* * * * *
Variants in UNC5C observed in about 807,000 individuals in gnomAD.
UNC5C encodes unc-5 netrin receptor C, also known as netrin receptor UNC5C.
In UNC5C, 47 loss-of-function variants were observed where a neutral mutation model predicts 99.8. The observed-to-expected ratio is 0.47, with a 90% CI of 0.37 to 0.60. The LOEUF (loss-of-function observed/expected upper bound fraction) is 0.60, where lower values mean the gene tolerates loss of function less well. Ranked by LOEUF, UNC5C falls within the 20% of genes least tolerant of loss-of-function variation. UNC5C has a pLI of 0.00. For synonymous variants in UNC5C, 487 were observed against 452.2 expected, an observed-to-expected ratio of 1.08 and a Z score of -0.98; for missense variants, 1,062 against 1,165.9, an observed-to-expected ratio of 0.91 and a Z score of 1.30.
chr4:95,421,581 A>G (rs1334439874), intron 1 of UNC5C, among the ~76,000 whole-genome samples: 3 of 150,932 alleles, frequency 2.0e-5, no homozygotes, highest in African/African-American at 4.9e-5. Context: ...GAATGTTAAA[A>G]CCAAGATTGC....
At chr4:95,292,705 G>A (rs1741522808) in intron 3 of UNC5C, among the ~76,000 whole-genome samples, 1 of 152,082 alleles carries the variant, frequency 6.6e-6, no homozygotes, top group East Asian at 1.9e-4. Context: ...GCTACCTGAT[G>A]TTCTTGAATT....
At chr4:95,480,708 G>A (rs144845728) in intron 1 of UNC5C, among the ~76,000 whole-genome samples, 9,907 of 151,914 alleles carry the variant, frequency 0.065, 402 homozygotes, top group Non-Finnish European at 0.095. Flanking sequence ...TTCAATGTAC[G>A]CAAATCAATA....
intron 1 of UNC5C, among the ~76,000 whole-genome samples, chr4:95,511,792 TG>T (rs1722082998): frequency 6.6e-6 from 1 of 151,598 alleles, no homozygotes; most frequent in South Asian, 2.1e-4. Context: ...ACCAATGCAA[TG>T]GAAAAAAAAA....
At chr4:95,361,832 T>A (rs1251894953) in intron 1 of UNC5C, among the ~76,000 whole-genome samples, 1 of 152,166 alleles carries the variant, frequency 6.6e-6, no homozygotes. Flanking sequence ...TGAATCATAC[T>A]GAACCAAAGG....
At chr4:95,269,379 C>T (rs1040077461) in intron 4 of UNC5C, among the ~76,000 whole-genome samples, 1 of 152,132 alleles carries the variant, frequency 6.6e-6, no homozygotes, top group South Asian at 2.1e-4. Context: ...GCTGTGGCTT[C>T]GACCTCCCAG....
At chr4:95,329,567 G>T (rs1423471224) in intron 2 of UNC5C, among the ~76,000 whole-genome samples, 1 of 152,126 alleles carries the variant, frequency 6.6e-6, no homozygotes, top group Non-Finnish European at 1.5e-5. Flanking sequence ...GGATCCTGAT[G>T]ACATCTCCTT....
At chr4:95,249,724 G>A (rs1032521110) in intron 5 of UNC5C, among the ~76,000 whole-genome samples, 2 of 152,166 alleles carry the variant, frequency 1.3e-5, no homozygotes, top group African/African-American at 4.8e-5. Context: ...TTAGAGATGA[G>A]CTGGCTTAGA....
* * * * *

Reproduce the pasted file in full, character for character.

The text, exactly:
Variants in UNC5C observed in about 807,000 individuals in gnomAD.
UNC5C encodes unc-5 netrin receptor C, also known as netrin receptor UNC5C.
In UNC5C, 47 loss-of-function variants were observed where a neutral mutation model predicts 99.8. The observed-to-expected ratio is 0.47, with a 90% CI of 0.37 to 0.60. The LOEUF (loss-of-function observed/expected upper bound fraction) is 0.60, where lower values mean the gene tolerates loss of function less well. Ranked by LOEUF, UNC5C falls within the 20% of genes least tolerant of loss-of-function variation. UNC5C has a pLI of 0.00. For synonymous variants in UNC5C, 487 were observed against 452.2 expected, an observed-to-expected ratio of 1.08 and a Z score of -0.98; for missense variants, 1,062 against 1,165.9, an observed-to-expected ratio of 0.91 and a Z score of 1.30.
chr4:95,421,581 A>G (rs1334439874), intron 1 of UNC5C, among the ~76,000 whole-genome samples: 3 of 150,932 alleles, frequency 2.0e-5, no homozygotes, highest in African/African-American at 4.9e-5. Context: ...GAATGTTAAA[A>G]CCAAGATTGC....
At chr4:95,292,705 G>A (rs1741522808) in intron 3 of UNC5C, among the ~76,000 whole-genome samples, 1 of 152,082 alleles carries the variant, frequency 6.6e-6, no homozygotes, top group East Asian at 1.9e-4. Context: ...GCTACCTGAT[G>A]TTCTTGAATT....
At chr4:95,480,708 G>A (rs144845728) in intron 1 of UNC5C, among the ~76,000 whole-genome samples, 9,907 of 151,914 alleles carry the variant, frequency 0.065, 402 homozygotes, top group Non-Finnish European at 0.095. Flanking sequence ...TTCAATGTAC[G>A]CAAATCAATA....
intron 1 of UNC5C, among the ~76,000 whole-genome samples, chr4:95,511,792 TG>T (rs1722082998): frequency 6.6e-6 from 1 of 151,598 alleles, no homozygotes; most frequent in South Asian, 2.1e-4. Context: ...ACCAATGCAA[TG>T]GAAAAAAAAA....
At chr4:95,361,832 T>A (rs1251894953) in intron 1 of UNC5C, among the ~76,000 whole-genome samples, 1 of 152,166 alleles carries the variant, frequency 6.6e-6, no homozygotes. Flanking sequence ...TGAATCATAC[T>A]GAACCAAAGG....
At chr4:95,269,379 C>T (rs1040077461) in intron 4 of UNC5C, among the ~76,000 whole-genome samples, 1 of 152,132 alleles carries the variant, frequency 6.6e-6, no homozygotes, top group South Asian at 2.1e-4. Context: ...GCTGTGGCTT[C>T]GACCTCCCAG....
At chr4:95,329,567 G>T (rs1423471224) in intron 2 of UNC5C, among the ~76,000 whole-genome samples, 1 of 152,126 alleles carries the variant, frequency 6.6e-6, no homozygotes, top group Non-Finnish European at 1.5e-5. Flanking sequence ...GGATCCTGAT[G>T]ACATCTCCTT....
At chr4:95,249,724 G>A (rs1032521110) in intron 5 of UNC5C, among the ~76,000 whole-genome samples, 2 of 152,166 alleles carry the variant, frequency 1.3e-5, no homozygotes, top group African/African-American at 4.8e-5. Context: ...TTAGAGATGA[G>A]CTGGCTTAGA....